I admit that I’ve never been much of a risk-taker.
I hate flying (Do you have any idea how much a jetliner weighs?), but thank goodness some people love flying. Without them, we wouldn’t have pilots or a very effective military.
The same goes for police officers, who protect the rest of us, sometimes at great risk to themselves. Firefighters too, some of whom enter burning buildings to rescue strangers. Coal miners, loggers and power pole climbers are others who can quickly find themselves in dangerous situations as part of doing their jobs. Don’t forget farmers, either. And it goes without saying the risks accepted by those in the armed forces.
But what about those who take risk-taking to the next level? I thought about that recently after reading several tragic stories about people pursuing their passions.
• Christopher John Kulish, 62, a Colorado lawyer, died May 27 of a “cardiac event” while descending Mount Everest. Kulish had just achieved his goal of climbing the highest mountain on all seven continents. His was the 11th death on Mount Everest this year, and hundreds of others have died there through the decades.
• Todd Mahoney, 38, a Madison firefighter; and Michael McCulloch, 61, of Cottage Grove, both died while participating in the “Ironman” 70.3-mile triathlon June 9 in Madison. Both were stricken during the swim portion of the event on Lake Monona.
• Professional bull rider Nick Volden, 25, of Mondovi was paralyzed after landing on his head at an event Nov. 2 at the La Crosse Center. According to a story in the June 6 Leader-Telegram, Volden’s feet hit the chute and drove him head first into the ground. A fundraiser for Volden was held Saturday at Midnight Riders Arena near Mondovi.
Most of us wouldn’t consider climbing Mount Everest, entering an “Ironman” triathlon or riding a bull. Such endeavors require a level of physical and mental toughness most of us simply don’t possess.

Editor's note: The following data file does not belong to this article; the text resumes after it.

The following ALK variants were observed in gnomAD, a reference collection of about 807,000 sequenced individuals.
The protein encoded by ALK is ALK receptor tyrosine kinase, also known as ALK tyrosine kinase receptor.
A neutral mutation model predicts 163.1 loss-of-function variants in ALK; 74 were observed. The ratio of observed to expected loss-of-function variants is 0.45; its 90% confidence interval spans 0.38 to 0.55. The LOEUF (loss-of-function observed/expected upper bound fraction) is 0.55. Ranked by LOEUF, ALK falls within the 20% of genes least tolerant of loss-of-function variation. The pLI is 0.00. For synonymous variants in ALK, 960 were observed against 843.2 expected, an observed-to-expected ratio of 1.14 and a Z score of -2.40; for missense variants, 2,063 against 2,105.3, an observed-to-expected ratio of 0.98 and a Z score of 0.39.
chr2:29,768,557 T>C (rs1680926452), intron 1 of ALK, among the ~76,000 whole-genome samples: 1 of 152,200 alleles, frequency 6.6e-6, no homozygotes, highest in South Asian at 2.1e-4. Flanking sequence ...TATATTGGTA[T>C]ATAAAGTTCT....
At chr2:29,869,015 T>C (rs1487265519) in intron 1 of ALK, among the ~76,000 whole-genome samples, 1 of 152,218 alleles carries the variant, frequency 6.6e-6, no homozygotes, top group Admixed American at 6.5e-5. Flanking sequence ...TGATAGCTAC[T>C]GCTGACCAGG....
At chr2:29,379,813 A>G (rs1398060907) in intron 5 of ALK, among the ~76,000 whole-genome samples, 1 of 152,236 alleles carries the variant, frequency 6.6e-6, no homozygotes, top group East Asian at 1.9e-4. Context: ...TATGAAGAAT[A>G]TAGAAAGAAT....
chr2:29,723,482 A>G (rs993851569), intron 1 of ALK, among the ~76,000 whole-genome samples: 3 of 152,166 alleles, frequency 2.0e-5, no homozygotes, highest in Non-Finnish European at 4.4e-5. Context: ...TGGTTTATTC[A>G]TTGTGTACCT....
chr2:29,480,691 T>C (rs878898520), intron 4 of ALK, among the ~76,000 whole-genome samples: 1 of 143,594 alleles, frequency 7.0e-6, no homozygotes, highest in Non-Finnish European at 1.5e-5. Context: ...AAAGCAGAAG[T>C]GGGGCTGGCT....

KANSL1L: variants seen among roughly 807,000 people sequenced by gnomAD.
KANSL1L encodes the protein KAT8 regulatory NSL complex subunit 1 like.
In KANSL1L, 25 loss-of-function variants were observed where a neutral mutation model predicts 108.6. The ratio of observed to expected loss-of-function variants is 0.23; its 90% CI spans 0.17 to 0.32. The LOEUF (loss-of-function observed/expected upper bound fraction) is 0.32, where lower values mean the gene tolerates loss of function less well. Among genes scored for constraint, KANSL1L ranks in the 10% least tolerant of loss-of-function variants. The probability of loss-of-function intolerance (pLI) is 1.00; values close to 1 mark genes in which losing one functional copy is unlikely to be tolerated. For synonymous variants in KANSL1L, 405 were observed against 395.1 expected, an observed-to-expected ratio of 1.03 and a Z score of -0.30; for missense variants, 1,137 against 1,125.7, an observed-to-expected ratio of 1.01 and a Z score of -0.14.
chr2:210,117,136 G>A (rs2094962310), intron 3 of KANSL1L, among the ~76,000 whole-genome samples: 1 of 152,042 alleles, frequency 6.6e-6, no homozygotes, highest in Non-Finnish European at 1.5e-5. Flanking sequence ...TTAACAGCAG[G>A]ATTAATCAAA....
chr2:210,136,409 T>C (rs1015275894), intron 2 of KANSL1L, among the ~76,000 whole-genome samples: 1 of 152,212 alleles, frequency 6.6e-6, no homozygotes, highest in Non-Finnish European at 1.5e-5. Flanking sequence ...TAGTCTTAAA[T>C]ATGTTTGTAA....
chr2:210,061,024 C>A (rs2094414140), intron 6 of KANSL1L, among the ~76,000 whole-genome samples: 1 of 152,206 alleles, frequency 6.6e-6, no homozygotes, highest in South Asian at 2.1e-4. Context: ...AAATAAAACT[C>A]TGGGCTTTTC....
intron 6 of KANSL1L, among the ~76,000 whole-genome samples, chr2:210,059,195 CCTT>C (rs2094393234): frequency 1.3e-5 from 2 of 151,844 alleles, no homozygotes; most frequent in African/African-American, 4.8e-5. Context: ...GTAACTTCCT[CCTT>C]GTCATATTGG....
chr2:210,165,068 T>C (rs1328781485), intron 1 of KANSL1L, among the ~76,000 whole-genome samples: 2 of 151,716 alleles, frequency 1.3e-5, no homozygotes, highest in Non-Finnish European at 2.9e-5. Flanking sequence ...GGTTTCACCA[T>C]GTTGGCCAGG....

Beyond that, however, one might argue that it’s silly for anyone to do such things. Isn’t life too precious? Isn’t the risk not worth whatever rewards are to be gained?
We all make choices about the difference between existing and living. Many of us are content to be spectators and share the excitement of watching others risk their well-being without putting our own in danger. Consider the many thousands who watch the U.S. Navy Blue Angels perform their aerial precision, knowing that their first mistake probably will be their last.
But for a certain group, flying the jet, driving the race car, throwing and taking punches in the ring, climbing Mount Everest or being a professional bull rider is what gives them fulfillment. And while the people close to these risk-takers worry, they understand.
I remember many years ago watching NASCAR legend Dale Earnhardt Sr. wave off reporters after he was replaced in his car shortly after starting a race due to an injury he suffered in a previous race. At the time, drivers got points for starting a race, so Earnhardt drove a couple laps before turning his No. 3 car over to a replacement driver.
In brief comments, the distraught Earnhardt said he was depressed because racing is what he does, and not being able to do it was extremely frustrating. Or, as he also once said, “Finishing races is important, but racing is more important.”
Earnhardt died at age 49 during the final lap of the 2001 Daytona 500. He was a millionaire. He didn’t need to race. But he did it because being on the track is what gave his life meaning. It’s who he was.
Legendary University of Alabama football coach Paul “Bear” Bryant once said he would “croak in a week” if he stopped coaching. He died of a heart attack at age 69 only 37 days after he retired. Some people simply are defined by their passion, and when that goes away, it’s hard to fill the void.
As for Mondovi’s Nick Volden, the Saturday fundraiser reportedly was to include a band, auction and, maybe surprising to some, bull riding, mutton busting and barrel racing.
“It’s his passion,” Lori Larson, Volden’s mother-in-law, said in the June 6 Leader-Telegram article. “It’s a sport, just like car racing or downhill skiing. It’s just what they do.”
What a boring world it would be if people didn’t pursue their passions or push themselves to be the best they can be in whatever it is that motivates them to get off the couch, lace up their shoes, and get in the race.
It’s hard to define our limits unless we challenge ourselves in pursuit of personal fulfillment. That said, carefully evaluate how far you should push yourself. Completing a triathlon or scaling the highest peaks in the world are the ultimate tests of fitness meant only for an elite group.
Huebscher is a contributing columnist and former Leader- Telegram editor.